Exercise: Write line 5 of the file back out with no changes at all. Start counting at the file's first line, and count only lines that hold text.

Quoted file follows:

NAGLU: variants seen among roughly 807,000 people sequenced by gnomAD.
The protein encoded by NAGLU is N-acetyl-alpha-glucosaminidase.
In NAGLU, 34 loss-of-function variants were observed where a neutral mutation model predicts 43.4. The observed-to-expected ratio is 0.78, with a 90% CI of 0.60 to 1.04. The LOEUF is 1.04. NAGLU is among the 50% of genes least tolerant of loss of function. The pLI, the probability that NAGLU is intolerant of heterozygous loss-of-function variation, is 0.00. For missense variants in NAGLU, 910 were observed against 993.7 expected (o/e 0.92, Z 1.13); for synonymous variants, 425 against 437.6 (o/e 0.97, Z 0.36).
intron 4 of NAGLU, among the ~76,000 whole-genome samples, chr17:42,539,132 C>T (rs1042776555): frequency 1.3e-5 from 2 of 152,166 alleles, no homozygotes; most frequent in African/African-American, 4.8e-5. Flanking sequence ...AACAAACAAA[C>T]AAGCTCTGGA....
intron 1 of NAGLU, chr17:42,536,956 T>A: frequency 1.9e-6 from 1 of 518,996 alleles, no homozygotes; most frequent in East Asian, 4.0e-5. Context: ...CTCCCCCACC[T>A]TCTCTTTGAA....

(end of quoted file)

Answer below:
intron 1 of NAGLU, chr17:42,536,956 T>A: frequency 1.9e-6 from 1 of 518,996 alleles, no homozygotes; most frequent in East Asian, 4.0e-5. Context: ...CTCCCCCACC[T>A]TCTCTTTGAA....